I have learnt a lot in the last 11 years – much of it from people who have had the courage to share their experiences of using psychiatric drugs and thereby publicise effects that official research has barely tried to address. Perhaps most importantly I have come to appreciate how little we really know and understand about what psychiatric drugs do, especially in the long-term, and the terrible consequences this ignorance can have.
Take the example of benzodiazepines. We understand the mechanism of action of benzodiazepines better than most drugs. They produce their relaxing effects through modifying the actions of the natural neurotransmitter known as GABA. But we do not know exactly how they affect the GABA system, nor how these or other actions produce the range of disabling withdrawal effects that can occur. We also do not understand the mechanisms underlying the cognitive impairment that benzodiazepines appear to cause both during and after withdrawal from long-term use (Crowe & Stranks, 2017). Most worryingly, as I highlighted in a previous blog, we have known since at least the early 1990s that some people develop new medical conditions or symptoms while coming off the drugs (including tinnitus and restless legs, for example). These can last for months afterwards, possibly longer, suggesting the drugs have permanently altered the brain in some way. Yet we have no idea what benzodiazepines are doing to the brain that might result in these persistent and often disabling symptoms.
Unfortunately, neither this data, nor the evidence that antipsychotics can cause permanent neurological damage (tardive dyskinesia), seem to have made us any more wary of launching new drugs without good data on their long-term effects.
The SSRI ‘antidepressants’ flooded onto the market in the 1990s. At first they seemed relatively innocuous. They are certainly safer in overdose and far less sedating than their predecessors, the tricyclic antidepressants. But then, as I described in my previous blog, withdrawal effects started to come to light, and more recently persistent sexual dysfunction. These effects suggest these drugs too are changing the brain in significant ways that we do not understand, and that may take a long time to normalise when the drugs are stopped.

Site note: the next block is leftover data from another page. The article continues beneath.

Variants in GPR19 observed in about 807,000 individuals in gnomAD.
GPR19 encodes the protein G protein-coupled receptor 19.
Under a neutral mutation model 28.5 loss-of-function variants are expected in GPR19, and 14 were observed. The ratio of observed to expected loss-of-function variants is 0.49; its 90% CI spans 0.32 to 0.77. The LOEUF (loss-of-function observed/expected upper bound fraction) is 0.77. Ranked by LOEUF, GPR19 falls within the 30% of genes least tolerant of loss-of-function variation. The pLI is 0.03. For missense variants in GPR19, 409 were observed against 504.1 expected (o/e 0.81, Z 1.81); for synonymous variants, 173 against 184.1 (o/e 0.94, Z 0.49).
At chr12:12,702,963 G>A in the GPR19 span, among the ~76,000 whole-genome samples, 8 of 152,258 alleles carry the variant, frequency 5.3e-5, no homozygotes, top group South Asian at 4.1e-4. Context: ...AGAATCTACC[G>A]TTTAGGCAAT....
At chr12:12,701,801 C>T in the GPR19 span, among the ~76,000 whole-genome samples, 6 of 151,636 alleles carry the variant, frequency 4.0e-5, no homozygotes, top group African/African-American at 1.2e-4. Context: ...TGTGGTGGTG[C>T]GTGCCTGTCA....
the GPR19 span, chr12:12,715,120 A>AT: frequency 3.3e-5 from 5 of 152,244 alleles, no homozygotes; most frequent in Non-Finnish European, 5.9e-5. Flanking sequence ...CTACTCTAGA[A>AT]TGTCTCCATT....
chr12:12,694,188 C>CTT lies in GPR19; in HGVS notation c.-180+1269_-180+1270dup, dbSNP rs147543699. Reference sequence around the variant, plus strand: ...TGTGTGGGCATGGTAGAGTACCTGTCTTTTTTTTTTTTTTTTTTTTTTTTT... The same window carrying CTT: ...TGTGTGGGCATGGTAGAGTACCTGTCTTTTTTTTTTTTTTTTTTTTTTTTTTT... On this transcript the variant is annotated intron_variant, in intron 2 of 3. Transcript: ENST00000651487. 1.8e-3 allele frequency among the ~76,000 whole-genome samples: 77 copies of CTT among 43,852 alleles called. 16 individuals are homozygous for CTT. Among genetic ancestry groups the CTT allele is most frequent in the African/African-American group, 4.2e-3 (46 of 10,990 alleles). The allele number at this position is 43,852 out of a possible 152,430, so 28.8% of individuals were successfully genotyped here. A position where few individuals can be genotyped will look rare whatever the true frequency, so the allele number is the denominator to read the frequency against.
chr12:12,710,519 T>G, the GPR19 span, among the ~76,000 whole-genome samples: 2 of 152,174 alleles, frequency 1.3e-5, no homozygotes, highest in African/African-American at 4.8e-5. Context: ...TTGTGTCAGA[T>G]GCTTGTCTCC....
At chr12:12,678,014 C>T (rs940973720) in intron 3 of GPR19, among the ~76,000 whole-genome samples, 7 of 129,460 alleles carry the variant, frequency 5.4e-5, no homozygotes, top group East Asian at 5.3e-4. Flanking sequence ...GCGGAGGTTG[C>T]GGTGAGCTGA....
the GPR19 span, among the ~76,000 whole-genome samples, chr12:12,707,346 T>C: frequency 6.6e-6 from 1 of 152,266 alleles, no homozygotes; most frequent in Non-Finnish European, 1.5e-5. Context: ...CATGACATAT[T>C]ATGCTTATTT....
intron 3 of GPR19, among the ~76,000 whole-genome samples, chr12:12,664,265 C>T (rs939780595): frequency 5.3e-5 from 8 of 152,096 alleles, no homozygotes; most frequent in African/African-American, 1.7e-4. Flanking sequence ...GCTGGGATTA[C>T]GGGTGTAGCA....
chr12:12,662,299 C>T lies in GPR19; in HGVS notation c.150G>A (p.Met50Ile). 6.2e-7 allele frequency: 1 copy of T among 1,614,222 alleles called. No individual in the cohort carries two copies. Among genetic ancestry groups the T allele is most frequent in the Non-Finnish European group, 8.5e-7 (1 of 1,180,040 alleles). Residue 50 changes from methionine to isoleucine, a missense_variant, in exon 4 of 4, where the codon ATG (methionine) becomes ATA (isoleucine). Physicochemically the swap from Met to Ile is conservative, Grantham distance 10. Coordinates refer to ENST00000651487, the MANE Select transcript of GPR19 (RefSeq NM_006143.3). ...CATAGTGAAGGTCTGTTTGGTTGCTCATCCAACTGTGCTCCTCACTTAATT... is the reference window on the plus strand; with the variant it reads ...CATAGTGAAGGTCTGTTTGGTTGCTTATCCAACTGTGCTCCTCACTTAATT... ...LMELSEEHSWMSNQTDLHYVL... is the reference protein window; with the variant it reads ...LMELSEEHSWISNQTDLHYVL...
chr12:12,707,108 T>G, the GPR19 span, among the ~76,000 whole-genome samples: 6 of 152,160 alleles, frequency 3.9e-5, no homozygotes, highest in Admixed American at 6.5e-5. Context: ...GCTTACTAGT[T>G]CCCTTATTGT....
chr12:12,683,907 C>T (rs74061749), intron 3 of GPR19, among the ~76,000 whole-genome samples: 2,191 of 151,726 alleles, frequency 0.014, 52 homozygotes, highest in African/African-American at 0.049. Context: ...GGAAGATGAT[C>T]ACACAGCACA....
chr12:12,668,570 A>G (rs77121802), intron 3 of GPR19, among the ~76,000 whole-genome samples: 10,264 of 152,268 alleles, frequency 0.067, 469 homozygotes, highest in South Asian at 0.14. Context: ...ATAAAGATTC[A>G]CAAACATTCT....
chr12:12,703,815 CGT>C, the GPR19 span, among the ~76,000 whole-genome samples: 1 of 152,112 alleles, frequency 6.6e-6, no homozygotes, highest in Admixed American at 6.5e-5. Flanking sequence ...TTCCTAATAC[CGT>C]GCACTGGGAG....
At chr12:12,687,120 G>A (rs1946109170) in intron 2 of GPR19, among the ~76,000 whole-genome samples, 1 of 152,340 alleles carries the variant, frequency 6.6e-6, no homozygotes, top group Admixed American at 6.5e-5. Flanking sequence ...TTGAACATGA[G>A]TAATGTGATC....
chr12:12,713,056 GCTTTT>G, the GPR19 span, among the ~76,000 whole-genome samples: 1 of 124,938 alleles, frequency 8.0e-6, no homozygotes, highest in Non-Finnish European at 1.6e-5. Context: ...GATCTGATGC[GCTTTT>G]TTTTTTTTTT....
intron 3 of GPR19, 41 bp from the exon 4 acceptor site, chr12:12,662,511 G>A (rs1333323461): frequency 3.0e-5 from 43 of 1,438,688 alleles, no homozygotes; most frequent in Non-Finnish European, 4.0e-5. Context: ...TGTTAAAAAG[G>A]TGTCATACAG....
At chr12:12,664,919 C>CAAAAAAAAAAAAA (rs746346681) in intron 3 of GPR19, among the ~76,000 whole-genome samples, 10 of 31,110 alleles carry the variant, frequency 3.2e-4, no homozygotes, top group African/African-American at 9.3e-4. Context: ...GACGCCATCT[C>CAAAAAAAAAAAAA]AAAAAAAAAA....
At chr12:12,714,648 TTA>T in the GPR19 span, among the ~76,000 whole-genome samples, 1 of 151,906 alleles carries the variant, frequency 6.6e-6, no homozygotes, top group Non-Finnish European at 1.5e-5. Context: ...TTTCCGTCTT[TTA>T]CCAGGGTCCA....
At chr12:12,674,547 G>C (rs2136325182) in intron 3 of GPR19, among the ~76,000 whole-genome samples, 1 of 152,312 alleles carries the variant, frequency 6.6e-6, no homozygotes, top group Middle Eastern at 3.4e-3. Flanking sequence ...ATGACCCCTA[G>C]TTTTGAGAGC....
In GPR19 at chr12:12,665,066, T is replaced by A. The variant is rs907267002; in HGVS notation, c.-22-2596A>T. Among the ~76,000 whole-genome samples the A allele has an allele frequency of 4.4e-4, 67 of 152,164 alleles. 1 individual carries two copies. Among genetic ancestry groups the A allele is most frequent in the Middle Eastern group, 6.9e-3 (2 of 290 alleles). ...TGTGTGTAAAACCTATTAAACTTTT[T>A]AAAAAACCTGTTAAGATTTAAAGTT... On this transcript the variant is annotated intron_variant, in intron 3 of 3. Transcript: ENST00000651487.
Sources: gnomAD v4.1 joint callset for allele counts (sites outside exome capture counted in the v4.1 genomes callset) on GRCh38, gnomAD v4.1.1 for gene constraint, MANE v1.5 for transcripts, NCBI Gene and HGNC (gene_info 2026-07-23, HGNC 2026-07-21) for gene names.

Esketamine is one of the latest chemicals to be aimed at people who are looking for relief from chronic misery. The story of how esketamine was licenced illustrates why we have so much propaganda and so little data on the safety of psychiatric drugs. The FDA and other drug regulatory agencies were easily persuaded by Janssen to relax their criteria for establishing efficacy and did not express particular concern about the natural deaths, driving accidents and suicides that occurred during or shortly after treatment. They had little curiosity about withdrawal effects and other long-term complications.
If drug regulatory agencies are not interested in data on immediate and long-term safety, then clearly there is no incentive for drug companies to produce it. Government funding agencies are also focused primarily on establishing the effectiveness of interventions, rather than exploring their harmful effects. Hence it is left to users themselves to highlight the adverse effects of drugs – some of which will only come to light after years of use and after thousands, maybe millions, of people have been exposed.
I am not opposed, in principle, to the use of psychiatric drugs. I believe, as I say in the book, that ‘some psychiatric drugs do help some people in some situations’. Having said this, I think it is likely that the vast majority of people who take psychiatric drugs derive little or no benefit from them, and yet are susceptible to all the harms they can induce. It is people’s right to know how little we really know about these drugs. People should be informed that the story they have been told, implicitly or explicitly, about having an underlying chemical imbalance that drugs can correct is just that – a story – with very little evidence to back it up. They need to know that these drugs are doing things to the brain that we do not understand properly, and people should be aware how little research there has been into the long-term effects of the drugs, and the difficulties of coming off them. I hope the second edition of a Straight Talking Introduction to Psychiatric Drugs will enable people to make better informed decisions about whether to start or continue these sort of drugs.